The main task for the biblical exegete would therefore always be to ask how the ethical principle of love applies to new situations and insights, and to what extent biblical texts may depend on their relative situation and might later become unacceptable with newer insights and changed situations. For example, the instances in the OT where war and violence against an enemy are promoted, to the extent that the biblical author of Ps 137 wished that the infants from Babylon should be smashed against the rocks (Ps 137:9), should be exposed as a revolting expression of hatred, depended upon the political undertones of that specific psalm and not compatible with love one's neighbor or applicable to today's society.

4 How does "Love your neighbor" apply to the wilderness?

This brings us to the negative concept of wilderness in the OT. Can the ethical principle of "love one's neighbor" also be applied to this issue? A related question would be if the wilderness and its plant and animal inhabitants could be personalized to the extent that they can be regarded as our neighbors. It seems that in a quest to avoid an anthropocentric view, the Earth Bible Project and their proposal of eco-justice principles would support such a notion.40 Although this is a laudable attempt by these authors, I think it may be stretching the concept of justice and love one's neighbor a little far. To personalize the Earth and give it a voice like a human may be an effective way of "selling" the concept to a wider audience, but may not be convincing to "mainline" theologians.

For this reason, I think it is necessary to explore the reasons why eco-theologians are so critical of an anthropocentric viewpoint again. Their criticism was largely motivated by the idea that the value of non-human living forms such as plants or animals would be devaluated if everything was viewed from a human point of view only. Although this danger of devaluation is real, one should however ask if anything but a human viewpoint is possible. It is easy for armchair theologians to theoretically propose that animals and plants have just as many rights as humans and are equally important, but is this any more than wishful thinking?

I would like to take the practical and common example of a group of tourists hiking with a game ranger in an African wilderness area. If the group is charged by an elephant and it is not possible to divert the elephant or run away from it, what should the game ranger do if it comes down to a choice between the life of one of the hikers or the life of the elephant? Should the game ranger shoot the elephant, or allow it to kill one of the humans? Of course, the game ranger should only shoot the elephant as an absolute last resort and try to avoid such a confrontation in the first place, but can we really argue that the elephant and humans have the same right to live in a situation like this?41

The unpalatable fact of life is that no animals or humans can remain alive without killing other living beings; that is, either pathogens, plants or other animals. At the most one could use fuzzy logic by saying that it becomes increasingly unacceptable to kill living things as one moves from plants to higher animals, to sentient beings, to humans. But killing humans would always be judged by us as more wrong than killing plants or animals. The idea of giving equal rights to nature, animals and humans is therefore nothing more than an unrealistic pipe dream. Should we not rather accept our anthropocentric view and use that as the basis for our argument? Although this may sound like vulgar utilitarianism to idealists, or may be criticized as judging the worth of everything only in terms of its usefulness to humans, such a view may be more effective and convincing than sentimental proposals about the intrinsic value of the wilderness.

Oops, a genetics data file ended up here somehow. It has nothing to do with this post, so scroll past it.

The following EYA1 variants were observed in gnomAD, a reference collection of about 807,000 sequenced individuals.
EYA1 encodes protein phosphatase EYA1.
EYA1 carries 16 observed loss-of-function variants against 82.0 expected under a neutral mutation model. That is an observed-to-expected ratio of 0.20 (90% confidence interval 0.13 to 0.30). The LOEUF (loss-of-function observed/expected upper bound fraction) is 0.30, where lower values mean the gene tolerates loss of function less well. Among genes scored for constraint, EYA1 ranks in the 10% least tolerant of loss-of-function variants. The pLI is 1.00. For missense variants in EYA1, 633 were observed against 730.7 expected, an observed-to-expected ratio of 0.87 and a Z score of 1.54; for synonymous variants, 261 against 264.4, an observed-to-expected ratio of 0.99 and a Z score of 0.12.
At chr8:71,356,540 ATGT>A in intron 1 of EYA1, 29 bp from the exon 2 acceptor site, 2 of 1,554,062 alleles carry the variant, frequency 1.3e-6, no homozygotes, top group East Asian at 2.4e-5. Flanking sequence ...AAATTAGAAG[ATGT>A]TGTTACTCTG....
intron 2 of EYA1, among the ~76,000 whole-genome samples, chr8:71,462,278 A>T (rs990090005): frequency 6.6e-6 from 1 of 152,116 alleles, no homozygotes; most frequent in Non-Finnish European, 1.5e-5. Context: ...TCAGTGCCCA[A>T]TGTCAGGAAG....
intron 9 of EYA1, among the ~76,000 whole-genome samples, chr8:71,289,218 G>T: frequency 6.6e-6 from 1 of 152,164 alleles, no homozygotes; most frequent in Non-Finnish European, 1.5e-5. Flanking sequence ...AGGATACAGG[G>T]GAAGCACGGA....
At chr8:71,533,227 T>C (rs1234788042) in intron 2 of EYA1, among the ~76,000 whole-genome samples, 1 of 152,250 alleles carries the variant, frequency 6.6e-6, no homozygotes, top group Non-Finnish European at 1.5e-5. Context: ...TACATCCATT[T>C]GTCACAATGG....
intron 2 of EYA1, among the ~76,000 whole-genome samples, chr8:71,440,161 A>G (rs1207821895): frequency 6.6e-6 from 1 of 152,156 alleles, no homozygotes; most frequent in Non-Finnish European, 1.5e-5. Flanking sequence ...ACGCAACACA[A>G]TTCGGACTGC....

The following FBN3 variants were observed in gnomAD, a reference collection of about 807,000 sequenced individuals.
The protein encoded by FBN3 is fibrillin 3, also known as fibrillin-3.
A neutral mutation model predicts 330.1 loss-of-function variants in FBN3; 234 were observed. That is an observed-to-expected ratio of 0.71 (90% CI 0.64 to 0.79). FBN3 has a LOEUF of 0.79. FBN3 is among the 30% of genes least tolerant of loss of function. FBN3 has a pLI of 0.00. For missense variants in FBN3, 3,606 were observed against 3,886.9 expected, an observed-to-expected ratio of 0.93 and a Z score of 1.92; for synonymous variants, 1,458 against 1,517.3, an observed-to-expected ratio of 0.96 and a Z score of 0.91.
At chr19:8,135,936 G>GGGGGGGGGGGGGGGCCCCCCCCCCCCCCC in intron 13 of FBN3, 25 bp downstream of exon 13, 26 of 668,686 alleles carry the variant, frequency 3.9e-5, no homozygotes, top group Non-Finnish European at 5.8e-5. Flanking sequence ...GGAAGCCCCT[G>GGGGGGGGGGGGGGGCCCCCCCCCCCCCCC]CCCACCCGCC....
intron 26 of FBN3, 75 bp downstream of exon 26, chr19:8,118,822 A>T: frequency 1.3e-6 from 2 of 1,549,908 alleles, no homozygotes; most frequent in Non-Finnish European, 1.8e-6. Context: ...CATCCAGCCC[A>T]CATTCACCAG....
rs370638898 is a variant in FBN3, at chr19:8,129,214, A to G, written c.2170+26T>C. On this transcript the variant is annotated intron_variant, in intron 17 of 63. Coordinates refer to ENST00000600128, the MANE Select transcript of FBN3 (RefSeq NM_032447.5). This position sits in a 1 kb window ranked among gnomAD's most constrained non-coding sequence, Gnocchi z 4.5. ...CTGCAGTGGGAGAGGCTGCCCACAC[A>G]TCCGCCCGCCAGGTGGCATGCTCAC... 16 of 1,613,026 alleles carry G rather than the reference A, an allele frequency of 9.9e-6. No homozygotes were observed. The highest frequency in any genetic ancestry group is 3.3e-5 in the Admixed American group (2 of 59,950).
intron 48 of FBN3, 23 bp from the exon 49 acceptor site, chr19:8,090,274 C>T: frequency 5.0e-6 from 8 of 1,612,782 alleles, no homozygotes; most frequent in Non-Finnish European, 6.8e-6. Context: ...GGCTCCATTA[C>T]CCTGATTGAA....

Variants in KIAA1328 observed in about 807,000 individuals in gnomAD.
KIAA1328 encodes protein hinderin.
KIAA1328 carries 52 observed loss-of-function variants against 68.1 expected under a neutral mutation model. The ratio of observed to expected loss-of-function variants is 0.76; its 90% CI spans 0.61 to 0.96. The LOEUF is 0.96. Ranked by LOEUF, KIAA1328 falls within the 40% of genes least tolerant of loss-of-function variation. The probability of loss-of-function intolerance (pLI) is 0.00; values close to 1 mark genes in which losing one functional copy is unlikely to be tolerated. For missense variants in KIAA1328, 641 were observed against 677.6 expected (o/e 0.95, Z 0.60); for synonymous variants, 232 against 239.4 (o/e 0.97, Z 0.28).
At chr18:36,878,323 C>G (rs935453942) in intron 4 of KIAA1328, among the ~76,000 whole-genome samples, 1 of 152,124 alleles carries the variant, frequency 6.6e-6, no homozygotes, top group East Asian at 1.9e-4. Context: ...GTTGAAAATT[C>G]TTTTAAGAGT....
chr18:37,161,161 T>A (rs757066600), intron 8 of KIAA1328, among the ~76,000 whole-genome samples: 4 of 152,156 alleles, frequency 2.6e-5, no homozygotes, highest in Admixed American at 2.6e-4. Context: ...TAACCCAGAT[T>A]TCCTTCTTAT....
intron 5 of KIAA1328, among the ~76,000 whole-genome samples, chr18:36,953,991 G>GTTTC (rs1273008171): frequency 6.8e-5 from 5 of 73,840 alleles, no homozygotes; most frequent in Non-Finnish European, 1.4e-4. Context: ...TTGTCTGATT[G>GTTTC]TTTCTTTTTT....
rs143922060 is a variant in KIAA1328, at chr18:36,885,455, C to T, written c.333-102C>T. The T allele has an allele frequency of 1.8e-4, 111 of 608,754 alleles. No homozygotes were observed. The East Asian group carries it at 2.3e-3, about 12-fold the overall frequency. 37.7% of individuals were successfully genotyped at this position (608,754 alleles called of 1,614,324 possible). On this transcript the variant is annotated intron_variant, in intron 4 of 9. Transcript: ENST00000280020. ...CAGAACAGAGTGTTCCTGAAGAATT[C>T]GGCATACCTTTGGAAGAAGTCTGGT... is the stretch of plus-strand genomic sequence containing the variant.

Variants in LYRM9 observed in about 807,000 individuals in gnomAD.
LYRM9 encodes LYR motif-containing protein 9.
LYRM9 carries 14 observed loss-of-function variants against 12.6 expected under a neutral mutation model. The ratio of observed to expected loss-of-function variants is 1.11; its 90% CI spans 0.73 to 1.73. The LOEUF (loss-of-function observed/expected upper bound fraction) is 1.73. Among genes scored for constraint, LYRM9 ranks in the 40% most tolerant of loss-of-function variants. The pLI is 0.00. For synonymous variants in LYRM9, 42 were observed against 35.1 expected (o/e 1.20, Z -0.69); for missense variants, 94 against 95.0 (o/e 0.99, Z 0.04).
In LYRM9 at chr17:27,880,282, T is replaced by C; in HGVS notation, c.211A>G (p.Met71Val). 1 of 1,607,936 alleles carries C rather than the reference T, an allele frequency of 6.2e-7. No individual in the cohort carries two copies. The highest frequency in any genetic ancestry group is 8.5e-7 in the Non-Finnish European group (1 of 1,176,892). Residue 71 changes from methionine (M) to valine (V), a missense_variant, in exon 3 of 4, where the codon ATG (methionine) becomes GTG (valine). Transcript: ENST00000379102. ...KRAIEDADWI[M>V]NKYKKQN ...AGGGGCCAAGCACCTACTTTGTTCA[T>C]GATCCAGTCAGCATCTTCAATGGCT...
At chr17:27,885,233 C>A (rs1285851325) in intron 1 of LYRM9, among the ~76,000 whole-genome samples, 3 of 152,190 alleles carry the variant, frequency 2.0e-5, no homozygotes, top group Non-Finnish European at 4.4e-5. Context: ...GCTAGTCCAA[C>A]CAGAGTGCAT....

According to my thinking, eco-theologians can argue convincingly that "love one's neighbor as oneself should also apply to the neighbor's utilization and enjoyment of nature and that "one's neighbor" includes future generations. It is a well-recognized ecological concept that all life on earth is linked with nature (and the wilderness) within one interdependent system. Without plants, humans and animals would have no food or oxygen. Without animals, the existence of many plants would become impossible, because many of them depend on animal pollination, dispersal of seeds and the carbon dioxide produced by such animals.

If this concept of the interlinkage of all life, including human life is acknowledged, it logically follows that without nature functioning properly (including wilderness areas) human life would not be possible. The potential effects of climate change and running out of fresh water on our future survival are only two examples of the kind of calamity we can expect when forests are destroyed, water is wasted or contaminated, and wilderness areas are severely limited. A myriad of other reasons can be forwarded why humans cannot survive without maintaining natural wilderness areas, but these would fall outside the scope of this article. People living only for themselves and who do not care for the wilderness are therefore ultimately responsible for killing their future "neighbors."42

A less materialistic and more spiritual/psychological argument can also be proposed. Although it may be true that not all people enjoy the wilderness equally, it is nonetheless true that many people find nature very enjoyable and inspirational on many levels. As humans become more urbanized, the wilderness increasingly fulfils the psychological need to escape the mundane aspects of our present-day urban life and provides an opportunity for adventure. The wilderness also serves an important aesthetic function to many people: "unspoilt" nature is valued for its beauty and serves as an inspiration to many artists and photographers, among others. The psychological need of humans to include beauty into their life can hardly be over-emphasized.